Davos Agenda

Life for millions in Bangladesh is being transformed thanks to this simple solution

A Rohingya refugee charges his phone with a solar panel as he waits to be taken to a refugee camp after crossing the Naf river at the Bangladesh-Myanmar border in Palang Khali, near Cox’s Bazar, Bangladesh November 2, 2017. REUTERS/Adnan Abidi - RC1143167130

Bangladesh has one of the world’s largest domestic solar energy programmes, which has changed the lives of 20 million people. Image: REUTERS/Adnan Abidi

Rosamond Hutt
Senior Writer, Formative Content
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Davos Agenda

This article is part of: World Economic Forum Annual Meeting
  • Off-grid solar home systems are improving living standards for people in rural areas of Bangladesh.
  • Bangladesh has one of the world’s largest domestic solar energy programmes.
  • Solar power is changing the lives of 20 million people in rural areas, who can now work, study and go out after dark.

In Bangladesh, more than a quarter of the rural population still do not have access to electricity. For millions of people, daily activities like cooking, working and studying are difficult, or even impossible, after sundown.

But off-grid solar power is rapidly changing all this.

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Bangladesh has one of the world’s largest domestic solar energy programmes. The World Bank and other development organizations, along with the private sector, are working with the government to bring affordable, solar-powered electricity to places where the traditional grid doesn’t reach.

Small-scale solar home systems now provide electricity to more than 4 million households and about 20 million people in rural areas, roughly one-eighth of the country's population.

The programme has also introduced 1,000 solar irrigation pumps and 13 solar mini-grids.

solar power bangladesh household family electricity energy sustainability sun emission fossil fuel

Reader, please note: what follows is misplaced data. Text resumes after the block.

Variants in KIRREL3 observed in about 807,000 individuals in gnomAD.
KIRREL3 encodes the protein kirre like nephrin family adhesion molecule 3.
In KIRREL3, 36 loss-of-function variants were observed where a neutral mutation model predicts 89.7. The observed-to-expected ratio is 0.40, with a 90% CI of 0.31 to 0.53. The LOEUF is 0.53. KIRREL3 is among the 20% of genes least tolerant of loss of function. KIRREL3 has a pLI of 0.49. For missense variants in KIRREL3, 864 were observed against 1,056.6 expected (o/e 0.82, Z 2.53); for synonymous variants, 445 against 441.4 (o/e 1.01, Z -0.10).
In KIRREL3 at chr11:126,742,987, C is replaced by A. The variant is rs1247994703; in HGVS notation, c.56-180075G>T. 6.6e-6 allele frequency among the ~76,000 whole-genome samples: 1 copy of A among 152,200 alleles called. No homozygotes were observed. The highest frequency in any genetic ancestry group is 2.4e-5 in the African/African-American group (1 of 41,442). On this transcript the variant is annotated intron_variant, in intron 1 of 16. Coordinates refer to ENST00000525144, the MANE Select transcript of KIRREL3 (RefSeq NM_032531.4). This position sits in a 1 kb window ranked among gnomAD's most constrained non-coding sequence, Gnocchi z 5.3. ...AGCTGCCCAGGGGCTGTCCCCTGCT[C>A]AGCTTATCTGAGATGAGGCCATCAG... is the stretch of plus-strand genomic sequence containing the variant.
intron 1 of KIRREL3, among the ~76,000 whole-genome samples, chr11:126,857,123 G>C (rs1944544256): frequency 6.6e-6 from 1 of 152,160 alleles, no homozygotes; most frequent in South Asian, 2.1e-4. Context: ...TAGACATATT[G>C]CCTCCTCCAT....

Solar panels are changing lives, providing an affordable solution to lack of access to electricity. Image: REUTERS/Mohammad Ponir Hossain
The transformative power of solar

The arrival of a solar mini-grid on Monpura, a remote island in the Bay of Bengal, has transformed the lives of residents.

Lhota Khatun runs a sewing business from her home on the island. Having access to reliable electricity has helped her to work at night while her children are asleep.

With people able to continue their lives after dark, Monpura is thriving. “Markets are abuzz, households can power TVs, fans and even refrigerators, and streets are lit up at night,” according to a World Bank article.

solar power bangladesh household family electricity energy sustainability sun emission fossil fuel
Off-grid solar systems light up more than 4 million Bangladeshi households. Image: World Bank Group

Like Monpura, other rural communities are also experiencing the benefits of electricity generated by solar panels.

Solar irrigation pumps enable farmers to improve crop yields. Shops and restaurants can stay open after dark. Families no longer have to rely on polluting firewood and kerosene. Girls can improve their literacy by studying at night. And not least, avoiding fossil fuels reduces greenhouse gas emissions.

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A low-lying country, Bangladesh is already suffering the impacts of climate change, such as rising sea levels and flooding.

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Rocketing demand for electricity

Currently, Bangladesh’s economy is booming. It has an average growth rate of 8%, and demand for electricity is rising fast.

The country wants to decarbonize and is opening major new solar parks in addition to expanding the use of solar home systems. Wind power plants are also in the works.

But renewables are part of a broader energy mix, which includes natural gas and coal. To meet its soaring energy needs, Bangladesh plans to expand its coal-fired capacity.

Last year, UN Secretary General António Guterres said countries in Asia are among the most vulnerable to global warming and the region must step up efforts to end dependence on fossil fuels.

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The views expressed in this article are those of the author alone and not the World Economic Forum.

Related topics:
Davos AgendaEnergy TransitionClimate ChangeFuture of the EnvironmentElectricitySustainable Development
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